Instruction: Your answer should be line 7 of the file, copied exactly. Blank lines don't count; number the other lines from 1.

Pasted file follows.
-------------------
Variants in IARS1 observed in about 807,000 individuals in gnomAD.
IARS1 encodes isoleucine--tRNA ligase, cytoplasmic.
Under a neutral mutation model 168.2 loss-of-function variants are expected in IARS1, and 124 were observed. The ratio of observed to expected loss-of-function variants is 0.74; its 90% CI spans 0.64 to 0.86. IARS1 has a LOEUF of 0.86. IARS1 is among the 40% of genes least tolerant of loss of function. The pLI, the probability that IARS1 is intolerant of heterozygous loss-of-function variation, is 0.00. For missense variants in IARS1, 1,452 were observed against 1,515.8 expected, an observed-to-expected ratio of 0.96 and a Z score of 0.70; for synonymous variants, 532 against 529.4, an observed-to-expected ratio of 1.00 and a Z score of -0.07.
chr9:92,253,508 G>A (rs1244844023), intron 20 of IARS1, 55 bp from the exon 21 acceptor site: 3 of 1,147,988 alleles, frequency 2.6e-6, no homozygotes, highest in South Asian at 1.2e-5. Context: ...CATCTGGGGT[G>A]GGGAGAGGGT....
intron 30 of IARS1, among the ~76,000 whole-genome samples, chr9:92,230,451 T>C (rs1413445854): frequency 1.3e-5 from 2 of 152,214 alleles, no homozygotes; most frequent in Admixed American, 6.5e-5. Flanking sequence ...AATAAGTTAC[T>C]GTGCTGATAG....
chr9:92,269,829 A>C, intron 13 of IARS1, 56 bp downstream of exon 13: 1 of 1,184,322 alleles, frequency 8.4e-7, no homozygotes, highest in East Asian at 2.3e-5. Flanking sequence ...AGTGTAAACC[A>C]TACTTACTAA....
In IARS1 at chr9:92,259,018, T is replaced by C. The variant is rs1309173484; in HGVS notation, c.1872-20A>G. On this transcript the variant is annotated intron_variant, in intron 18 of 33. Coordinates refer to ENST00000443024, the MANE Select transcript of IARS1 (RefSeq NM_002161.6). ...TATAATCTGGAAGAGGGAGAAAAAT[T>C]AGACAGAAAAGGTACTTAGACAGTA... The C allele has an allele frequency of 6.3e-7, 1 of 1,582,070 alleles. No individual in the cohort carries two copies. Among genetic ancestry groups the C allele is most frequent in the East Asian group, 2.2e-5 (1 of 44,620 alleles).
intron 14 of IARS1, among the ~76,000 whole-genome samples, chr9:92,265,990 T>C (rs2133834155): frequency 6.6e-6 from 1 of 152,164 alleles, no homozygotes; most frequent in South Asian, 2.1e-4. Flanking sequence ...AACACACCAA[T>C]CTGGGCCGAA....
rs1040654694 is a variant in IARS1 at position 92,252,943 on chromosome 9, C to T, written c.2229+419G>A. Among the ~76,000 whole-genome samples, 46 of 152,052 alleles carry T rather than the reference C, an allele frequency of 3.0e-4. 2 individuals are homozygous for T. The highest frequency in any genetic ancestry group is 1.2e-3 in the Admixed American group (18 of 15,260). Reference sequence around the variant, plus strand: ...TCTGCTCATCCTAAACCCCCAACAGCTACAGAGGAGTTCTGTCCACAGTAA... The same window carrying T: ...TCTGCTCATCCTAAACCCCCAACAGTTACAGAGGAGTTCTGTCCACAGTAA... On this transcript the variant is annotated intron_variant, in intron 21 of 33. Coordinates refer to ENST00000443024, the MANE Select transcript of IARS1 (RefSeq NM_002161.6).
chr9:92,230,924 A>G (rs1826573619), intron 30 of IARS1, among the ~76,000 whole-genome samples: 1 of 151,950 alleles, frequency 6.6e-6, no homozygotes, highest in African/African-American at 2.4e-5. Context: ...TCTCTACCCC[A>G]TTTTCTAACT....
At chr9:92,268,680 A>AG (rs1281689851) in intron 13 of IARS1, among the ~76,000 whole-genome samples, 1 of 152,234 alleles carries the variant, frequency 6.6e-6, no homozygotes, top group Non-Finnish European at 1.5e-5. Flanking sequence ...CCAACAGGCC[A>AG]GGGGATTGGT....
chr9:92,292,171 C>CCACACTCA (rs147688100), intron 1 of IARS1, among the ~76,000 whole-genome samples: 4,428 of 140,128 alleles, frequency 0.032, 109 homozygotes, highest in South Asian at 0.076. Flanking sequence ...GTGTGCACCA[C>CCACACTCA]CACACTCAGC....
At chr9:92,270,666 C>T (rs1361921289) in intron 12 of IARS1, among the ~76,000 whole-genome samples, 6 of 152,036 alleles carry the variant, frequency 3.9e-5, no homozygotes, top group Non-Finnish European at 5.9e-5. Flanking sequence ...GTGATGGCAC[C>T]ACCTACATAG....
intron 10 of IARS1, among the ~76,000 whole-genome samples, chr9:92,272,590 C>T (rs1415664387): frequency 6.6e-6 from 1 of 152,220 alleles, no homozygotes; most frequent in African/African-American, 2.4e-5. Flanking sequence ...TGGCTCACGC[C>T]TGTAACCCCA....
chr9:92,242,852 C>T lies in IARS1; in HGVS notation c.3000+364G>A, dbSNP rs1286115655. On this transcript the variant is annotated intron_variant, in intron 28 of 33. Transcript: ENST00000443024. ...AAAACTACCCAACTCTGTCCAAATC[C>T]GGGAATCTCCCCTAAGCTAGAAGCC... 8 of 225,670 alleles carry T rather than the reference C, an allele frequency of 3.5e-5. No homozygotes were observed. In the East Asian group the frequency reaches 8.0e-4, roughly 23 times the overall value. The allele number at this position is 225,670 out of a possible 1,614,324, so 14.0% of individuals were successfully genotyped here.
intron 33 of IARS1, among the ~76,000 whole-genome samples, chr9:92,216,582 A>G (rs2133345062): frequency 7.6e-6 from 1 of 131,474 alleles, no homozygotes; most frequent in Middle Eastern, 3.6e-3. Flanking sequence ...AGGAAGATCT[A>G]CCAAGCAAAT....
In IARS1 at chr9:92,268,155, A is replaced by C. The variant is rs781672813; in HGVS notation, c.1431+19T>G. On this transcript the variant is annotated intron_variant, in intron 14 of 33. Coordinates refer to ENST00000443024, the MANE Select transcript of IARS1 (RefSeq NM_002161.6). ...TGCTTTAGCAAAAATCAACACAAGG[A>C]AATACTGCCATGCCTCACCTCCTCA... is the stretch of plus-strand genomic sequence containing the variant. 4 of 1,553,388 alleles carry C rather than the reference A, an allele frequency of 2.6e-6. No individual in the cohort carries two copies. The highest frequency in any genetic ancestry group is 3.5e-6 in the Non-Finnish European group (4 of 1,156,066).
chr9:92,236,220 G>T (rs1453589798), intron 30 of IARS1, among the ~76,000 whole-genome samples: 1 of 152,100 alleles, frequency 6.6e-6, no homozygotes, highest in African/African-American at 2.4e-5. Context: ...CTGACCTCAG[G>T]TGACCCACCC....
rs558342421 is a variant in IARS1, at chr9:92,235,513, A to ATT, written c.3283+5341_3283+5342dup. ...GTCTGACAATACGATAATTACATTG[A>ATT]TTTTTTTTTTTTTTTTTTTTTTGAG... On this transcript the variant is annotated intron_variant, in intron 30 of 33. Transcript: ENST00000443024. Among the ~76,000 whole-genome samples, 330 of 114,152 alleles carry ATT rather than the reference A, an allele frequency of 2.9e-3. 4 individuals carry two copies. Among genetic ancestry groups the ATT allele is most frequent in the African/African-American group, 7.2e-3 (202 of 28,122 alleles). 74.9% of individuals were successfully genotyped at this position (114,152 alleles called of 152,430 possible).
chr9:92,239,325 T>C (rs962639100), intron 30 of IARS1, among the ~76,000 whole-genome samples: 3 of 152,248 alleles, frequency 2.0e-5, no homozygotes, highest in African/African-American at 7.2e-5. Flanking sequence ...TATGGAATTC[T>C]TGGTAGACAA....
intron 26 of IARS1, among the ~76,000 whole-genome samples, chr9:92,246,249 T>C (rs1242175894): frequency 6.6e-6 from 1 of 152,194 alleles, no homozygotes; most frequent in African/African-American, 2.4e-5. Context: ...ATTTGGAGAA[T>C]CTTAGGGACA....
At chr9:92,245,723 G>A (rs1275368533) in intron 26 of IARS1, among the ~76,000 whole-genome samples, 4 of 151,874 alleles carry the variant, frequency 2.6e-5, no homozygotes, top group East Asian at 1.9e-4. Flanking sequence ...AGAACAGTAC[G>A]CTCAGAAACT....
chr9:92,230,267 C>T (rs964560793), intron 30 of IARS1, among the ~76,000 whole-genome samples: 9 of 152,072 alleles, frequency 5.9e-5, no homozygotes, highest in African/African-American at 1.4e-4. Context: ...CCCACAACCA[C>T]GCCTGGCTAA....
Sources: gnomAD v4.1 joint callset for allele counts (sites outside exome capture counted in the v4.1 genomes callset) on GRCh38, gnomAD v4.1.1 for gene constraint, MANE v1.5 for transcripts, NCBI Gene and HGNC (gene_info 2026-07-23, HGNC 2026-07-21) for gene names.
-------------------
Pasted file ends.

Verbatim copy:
In IARS1 at chr9:92,259,018, T is replaced by C. The variant is rs1309173484; in HGVS notation, c.1872-20A>G. On this transcript the variant is annotated intron_variant, in intron 18 of 33. Coordinates refer to ENST00000443024, the MANE Select transcript of IARS1 (RefSeq NM_002161.6). ...TATAATCTGGAAGAGGGAGAAAAAT[T>C]AGACAGAAAAGGTACTTAGACAGTA... The C allele has an allele frequency of 6.3e-7, 1 of 1,582,070 alleles. No individual in the cohort carries two copies. Among genetic ancestry groups the C allele is most frequent in the East Asian group, 2.2e-5 (1 of 44,620 alleles).